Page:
Lebanon can't avoid civil war as long as Hizbollah is active in Syria, an Arab commentater says. Other topics today: Palestinian-Israel talks and Saudi-US relations
Only Lebanon can save itself from civil strife
How much longer will Lebanon be able to withstand the negative repercussions of the Syrian war on its politics, security and economy? That was the question posed by Emile Al Khoury in the Lebanese daily Annahar.
Just last week, the Syrian president, Bashar Al Assad, ridiculed the Lebanese government’s decision to distance itself from the continuing crisis in Syria.
Meanwhile Saudi prince Turki Al Faisal warned that Lebanon is on the brink of a civil war as Hizbollah is prepared to risk the tenets of the Lebanese political system to prevent the collapse of the Assad regime.
Not even the US president’s statement on the commemoration of the attack on the US Marine headquarters in Lebanon in the 1980s, in which he renewed his country’s commitment to safeguard Lebanon’s stability and sovereignty, are enough to allay the Lebanese people’s concerns of the war spilling over from Syria.
How can the Lebanese be reassured that they won’t be entangled in the Syrian crisis if the international community still fails to put an end to it?
“In truth, only the Lebanese themselves can save Lebanon from the ramifications of the Syrian crisis, no matter how long or severe, if they show a united front, which is not the case at present,” he wrote.
A segment of the Lebanese people support the Syrian regime and actively participate in its defence. Another segment opposes the regime and its supporters. This leads to fears that these opposing segments would engage in inner fighting that eventually escalates into civil strife.
“The Lebanese have always fought among themselves for the sake of others because their dependence on external powers has brought nothing but sedition, wars and calamities upon them. They have yet to learn from their experiences,” he added.
The independence war in 1943 happened because they were divided between pro-France and pro-Britain camps. In 1958, division between supporters and opponents of Egyptian president Jamal Abdel Nasser led to civil strife. The last civil war, starting in 1975, lasted 15 years and was between supporters and opponents of armed Palestinian factions in Lebanon.
Saving Lebanon from the Syrian crisis requires the Lebanese to implement their policy of “self-distancing” from the Syrian crisis. Lebanon has always been used as a shield to protect Syria’s security, but not once did Syria intervene to shield its neighbour’s security in its many confrontations with Israel.
Another civil war in Lebanon would eventually destroy Hizbollah’s arsenal, but not before it destroys the entire country.
“Lebanese leaders must agree to implement the self-distancing policy to protect their country. They mustn’t wait until the country is ruined,” he stressed.
Palestinians must plan for the failure of talks
It is possible that the talks between the Palestinian Authority and Israel will lead to some sort of settlement, especially because of the factors that seem to be pushing towards a solution, columnist Naji Sadeq Sharab said in the Sharjah-based daily Al Khaleej.
Nonetheless, failure remains more likely since the Israeli government pursues its illegal settlement-building policies and rejects the whole concept of a Palestinian state in a two-state solution, he added. And that, he went on. is why the talks should be perceived from the perspective of probable failure.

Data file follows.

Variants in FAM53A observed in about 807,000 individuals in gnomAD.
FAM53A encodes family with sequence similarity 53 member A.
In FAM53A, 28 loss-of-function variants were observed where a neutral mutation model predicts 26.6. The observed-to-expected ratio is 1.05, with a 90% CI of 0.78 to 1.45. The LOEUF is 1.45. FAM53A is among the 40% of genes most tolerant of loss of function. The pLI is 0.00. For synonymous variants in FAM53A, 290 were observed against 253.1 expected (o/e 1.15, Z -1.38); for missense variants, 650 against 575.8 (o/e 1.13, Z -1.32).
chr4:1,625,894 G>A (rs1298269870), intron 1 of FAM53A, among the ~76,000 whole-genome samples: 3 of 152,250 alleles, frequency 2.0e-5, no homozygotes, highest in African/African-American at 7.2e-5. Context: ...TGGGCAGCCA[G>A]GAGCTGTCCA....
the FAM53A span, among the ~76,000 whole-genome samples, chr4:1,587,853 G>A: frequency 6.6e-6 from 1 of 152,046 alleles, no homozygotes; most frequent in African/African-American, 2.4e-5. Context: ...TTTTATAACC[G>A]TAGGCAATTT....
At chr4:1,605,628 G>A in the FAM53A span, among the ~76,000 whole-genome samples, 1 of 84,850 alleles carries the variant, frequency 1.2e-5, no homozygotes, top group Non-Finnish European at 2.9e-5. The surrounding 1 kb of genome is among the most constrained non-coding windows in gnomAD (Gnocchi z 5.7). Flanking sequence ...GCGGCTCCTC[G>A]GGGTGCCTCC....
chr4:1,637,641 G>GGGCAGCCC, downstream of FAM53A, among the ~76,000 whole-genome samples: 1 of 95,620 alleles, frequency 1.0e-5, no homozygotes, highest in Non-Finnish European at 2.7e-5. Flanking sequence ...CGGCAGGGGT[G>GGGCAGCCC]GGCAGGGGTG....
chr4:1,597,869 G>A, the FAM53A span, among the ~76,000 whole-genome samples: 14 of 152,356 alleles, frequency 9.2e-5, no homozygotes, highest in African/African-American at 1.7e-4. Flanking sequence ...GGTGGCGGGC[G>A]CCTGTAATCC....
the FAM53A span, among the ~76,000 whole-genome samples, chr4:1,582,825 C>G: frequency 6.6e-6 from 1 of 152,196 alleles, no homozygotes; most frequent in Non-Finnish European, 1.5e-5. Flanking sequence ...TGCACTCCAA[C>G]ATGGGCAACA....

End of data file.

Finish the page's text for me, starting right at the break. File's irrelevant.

“This means that we should be prepared to deal with various possible scenarios for failed talks,” he observed.
The Palestinian Authority has a wide range of options once the negotiations reach a dead end. But internal Palestinian political and economic considerations may impede their ability to choose many of those options.
Among the options after talks fail would be re-engaging the international community’s responsibility and reactivating the role of the Palestinian state at the UN, as well as pursuing popular resistance.
“But the problem is the ability to implement the options. In the end, options are policies, decisions and actions that are made in complicated environments and are subject to many internal and external considerations,” the writer opined.
Candour needed by the US and Saudi
The two-hour meeting between the Saudi foreign minister, Saoud Al Faisal, and his US counterpart John Kerry is not sufficient to rectify the tension and the lack of trust between the two nations, suggested Raghida Dargham in the pan-Arab daily Al Hayat.
Pretending that things are back to normal following the meeting in London doesn’t help. Last week, Saudi rejected a non-permanent place on the UN Security Council to mark its opposition to the failure of the US and the UN to stop the war in Syria. The divergence in positions has become too deep, and requires serious review.
The US is entitled to make a strategic decision to change its traditional alliance with Saudi if it serves the country’s interests. But the Saudis are also entitled and even required to investigate the reasons for that decision, to ensure that it does not harm Saudi and wider Arab interests.
“Honest disclosure is crucial as long as it is serious. There are issues that both sides need to delve into, especially regional matters such as Syria and Palestine in addition to issues relating to the roles of leading countries in the balances of powers in the Middle East,” she said.
However protest alone is not a potent policy, and both countries have many ways to express content or dissatisfaction.
* Digest compiled by Racha Makarem